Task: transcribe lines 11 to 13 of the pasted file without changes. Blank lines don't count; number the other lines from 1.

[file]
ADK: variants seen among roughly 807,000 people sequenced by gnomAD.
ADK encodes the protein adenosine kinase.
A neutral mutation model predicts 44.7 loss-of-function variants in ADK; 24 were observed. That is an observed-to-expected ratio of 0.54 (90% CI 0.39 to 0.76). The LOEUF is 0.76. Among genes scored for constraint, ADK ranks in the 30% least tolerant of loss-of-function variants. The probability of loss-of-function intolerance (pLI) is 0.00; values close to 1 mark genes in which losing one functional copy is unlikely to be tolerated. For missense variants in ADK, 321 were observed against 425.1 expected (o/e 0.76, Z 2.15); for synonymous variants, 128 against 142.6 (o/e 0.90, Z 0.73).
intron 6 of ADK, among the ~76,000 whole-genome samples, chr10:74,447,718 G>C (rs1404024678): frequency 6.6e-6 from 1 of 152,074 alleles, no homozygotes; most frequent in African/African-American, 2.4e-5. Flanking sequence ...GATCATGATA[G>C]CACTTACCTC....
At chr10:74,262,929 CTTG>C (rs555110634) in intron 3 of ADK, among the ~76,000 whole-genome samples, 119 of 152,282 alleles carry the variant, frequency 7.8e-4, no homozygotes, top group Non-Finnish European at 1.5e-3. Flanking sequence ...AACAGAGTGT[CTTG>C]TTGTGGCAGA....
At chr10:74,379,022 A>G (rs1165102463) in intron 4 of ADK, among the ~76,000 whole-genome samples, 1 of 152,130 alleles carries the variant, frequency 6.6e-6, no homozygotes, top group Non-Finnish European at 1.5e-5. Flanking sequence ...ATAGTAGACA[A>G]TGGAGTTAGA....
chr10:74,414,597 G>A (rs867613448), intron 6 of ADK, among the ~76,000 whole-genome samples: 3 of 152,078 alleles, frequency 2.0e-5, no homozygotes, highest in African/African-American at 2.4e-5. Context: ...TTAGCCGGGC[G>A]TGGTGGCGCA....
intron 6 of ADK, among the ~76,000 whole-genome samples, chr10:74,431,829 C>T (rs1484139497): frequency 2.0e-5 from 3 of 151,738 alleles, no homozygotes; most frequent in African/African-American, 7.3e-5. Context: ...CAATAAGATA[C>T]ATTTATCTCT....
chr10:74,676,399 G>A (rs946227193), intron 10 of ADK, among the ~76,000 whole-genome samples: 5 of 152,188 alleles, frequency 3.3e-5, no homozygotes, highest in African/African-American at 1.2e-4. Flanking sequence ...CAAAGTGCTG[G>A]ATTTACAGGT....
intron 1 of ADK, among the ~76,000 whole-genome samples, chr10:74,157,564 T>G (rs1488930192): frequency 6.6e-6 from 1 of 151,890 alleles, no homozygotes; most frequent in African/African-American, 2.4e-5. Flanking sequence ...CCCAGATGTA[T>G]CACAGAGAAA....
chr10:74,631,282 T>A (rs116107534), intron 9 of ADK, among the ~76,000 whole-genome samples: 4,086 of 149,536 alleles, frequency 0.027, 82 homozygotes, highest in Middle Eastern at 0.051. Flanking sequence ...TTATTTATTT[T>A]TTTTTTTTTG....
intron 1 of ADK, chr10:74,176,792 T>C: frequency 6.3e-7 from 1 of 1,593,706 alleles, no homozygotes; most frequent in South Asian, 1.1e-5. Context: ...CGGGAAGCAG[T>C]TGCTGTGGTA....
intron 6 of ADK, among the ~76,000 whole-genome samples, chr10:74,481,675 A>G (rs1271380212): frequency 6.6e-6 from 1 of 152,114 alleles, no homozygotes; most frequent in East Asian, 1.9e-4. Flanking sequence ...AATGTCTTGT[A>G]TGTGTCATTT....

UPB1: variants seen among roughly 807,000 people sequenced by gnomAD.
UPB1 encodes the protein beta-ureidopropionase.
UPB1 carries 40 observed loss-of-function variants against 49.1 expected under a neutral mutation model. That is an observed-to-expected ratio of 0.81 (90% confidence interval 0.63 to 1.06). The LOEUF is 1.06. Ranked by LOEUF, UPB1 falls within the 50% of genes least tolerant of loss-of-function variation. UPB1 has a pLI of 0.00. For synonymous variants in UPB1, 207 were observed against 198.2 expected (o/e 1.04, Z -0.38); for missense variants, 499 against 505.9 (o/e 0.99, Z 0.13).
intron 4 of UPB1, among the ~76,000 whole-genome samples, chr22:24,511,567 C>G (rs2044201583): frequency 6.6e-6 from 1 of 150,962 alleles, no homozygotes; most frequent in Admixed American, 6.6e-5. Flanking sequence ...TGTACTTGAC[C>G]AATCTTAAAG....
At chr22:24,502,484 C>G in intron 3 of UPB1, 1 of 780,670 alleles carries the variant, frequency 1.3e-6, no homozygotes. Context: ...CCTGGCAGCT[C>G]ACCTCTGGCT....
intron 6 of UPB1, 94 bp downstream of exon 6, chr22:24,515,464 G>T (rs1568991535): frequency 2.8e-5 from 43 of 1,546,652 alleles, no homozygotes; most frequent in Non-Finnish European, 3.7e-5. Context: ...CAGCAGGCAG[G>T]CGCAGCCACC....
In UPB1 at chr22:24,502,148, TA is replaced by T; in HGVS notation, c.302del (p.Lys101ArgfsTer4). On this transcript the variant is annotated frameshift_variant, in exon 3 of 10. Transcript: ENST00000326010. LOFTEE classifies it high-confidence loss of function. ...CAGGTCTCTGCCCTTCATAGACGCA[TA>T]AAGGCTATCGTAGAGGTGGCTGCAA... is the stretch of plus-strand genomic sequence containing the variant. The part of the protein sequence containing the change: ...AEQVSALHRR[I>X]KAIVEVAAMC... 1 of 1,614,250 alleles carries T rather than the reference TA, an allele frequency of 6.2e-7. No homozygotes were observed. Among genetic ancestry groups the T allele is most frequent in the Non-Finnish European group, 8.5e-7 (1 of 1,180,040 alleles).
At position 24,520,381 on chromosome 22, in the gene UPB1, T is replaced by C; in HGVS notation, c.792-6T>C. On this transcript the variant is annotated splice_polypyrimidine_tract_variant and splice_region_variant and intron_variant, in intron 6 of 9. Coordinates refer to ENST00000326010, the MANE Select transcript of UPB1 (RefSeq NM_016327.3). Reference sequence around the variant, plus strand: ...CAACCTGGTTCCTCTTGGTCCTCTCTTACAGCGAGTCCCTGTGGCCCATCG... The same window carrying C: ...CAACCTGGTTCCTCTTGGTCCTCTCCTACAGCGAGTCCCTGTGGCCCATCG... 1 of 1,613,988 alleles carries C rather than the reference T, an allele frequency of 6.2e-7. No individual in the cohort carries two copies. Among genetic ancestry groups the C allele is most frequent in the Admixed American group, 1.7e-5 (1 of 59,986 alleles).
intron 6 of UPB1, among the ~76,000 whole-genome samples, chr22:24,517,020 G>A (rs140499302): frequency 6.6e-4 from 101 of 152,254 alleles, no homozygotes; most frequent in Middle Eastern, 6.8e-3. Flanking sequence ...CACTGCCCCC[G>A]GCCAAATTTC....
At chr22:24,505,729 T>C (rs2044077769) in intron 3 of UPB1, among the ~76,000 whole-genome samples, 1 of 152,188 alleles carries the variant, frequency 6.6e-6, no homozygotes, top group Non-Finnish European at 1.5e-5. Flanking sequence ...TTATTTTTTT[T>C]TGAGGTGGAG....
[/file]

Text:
chr10:74,631,282 T>A (rs116107534), intron 9 of ADK, among the ~76,000 whole-genome samples: 4,086 of 149,536 alleles, frequency 0.027, 82 homozygotes, highest in Middle Eastern at 0.051. Flanking sequence ...TTATTTATTT[T>A]TTTTTTTTTG....
intron 1 of ADK, chr10:74,176,792 T>C: frequency 6.3e-7 from 1 of 1,593,706 alleles, no homozygotes; most frequent in South Asian, 1.1e-5. Context: ...CGGGAAGCAG[T>C]TGCTGTGGTA....
intron 6 of ADK, among the ~76,000 whole-genome samples, chr10:74,481,675 A>G (rs1271380212): frequency 6.6e-6 from 1 of 152,114 alleles, no homozygotes; most frequent in East Asian, 1.9e-4. Flanking sequence ...AATGTCTTGT[A>G]TGTGTCATTT....